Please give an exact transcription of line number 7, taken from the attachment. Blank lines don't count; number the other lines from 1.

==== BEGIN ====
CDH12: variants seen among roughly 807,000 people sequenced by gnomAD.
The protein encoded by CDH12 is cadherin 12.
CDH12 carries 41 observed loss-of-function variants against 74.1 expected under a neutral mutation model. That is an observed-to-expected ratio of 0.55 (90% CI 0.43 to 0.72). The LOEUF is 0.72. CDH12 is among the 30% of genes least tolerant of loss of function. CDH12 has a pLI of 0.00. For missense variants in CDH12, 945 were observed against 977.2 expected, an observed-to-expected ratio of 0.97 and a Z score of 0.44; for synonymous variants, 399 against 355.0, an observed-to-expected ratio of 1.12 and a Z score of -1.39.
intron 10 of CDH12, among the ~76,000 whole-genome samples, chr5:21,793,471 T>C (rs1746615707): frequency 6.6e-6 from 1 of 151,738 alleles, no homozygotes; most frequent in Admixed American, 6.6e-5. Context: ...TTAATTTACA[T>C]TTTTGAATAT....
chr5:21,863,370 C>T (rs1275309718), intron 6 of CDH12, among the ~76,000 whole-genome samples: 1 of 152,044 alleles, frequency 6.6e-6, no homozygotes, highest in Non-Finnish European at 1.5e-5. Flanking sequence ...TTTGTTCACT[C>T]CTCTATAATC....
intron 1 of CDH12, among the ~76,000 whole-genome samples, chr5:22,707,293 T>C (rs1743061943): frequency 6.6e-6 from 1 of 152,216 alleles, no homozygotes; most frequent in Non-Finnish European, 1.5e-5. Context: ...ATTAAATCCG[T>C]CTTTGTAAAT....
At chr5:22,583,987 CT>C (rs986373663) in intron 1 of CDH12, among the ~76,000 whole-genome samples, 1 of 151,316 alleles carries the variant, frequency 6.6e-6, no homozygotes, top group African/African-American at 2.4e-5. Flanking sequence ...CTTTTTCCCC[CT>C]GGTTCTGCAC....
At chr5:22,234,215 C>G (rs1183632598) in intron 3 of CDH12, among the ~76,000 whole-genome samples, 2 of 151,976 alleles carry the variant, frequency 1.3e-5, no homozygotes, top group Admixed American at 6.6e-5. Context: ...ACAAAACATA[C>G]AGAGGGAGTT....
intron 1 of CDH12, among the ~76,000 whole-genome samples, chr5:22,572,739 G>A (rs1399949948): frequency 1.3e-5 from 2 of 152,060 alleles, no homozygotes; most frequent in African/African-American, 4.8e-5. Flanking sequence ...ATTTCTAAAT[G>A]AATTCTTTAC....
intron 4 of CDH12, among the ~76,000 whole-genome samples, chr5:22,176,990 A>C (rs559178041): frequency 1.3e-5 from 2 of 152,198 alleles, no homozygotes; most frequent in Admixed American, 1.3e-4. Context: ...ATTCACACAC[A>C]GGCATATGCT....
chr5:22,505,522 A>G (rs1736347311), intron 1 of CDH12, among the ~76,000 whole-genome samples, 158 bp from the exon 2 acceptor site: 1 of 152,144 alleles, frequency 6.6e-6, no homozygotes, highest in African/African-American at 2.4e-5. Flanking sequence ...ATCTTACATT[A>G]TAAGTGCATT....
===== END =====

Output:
At chr5:22,583,987 CT>C (rs986373663) in intron 1 of CDH12, among the ~76,000 whole-genome samples, 1 of 151,316 alleles carries the variant, frequency 6.6e-6, no homozygotes, top group African/African-American at 2.4e-5. Flanking sequence ...CTTTTTCCCC[CT>C]GGTTCTGCAC....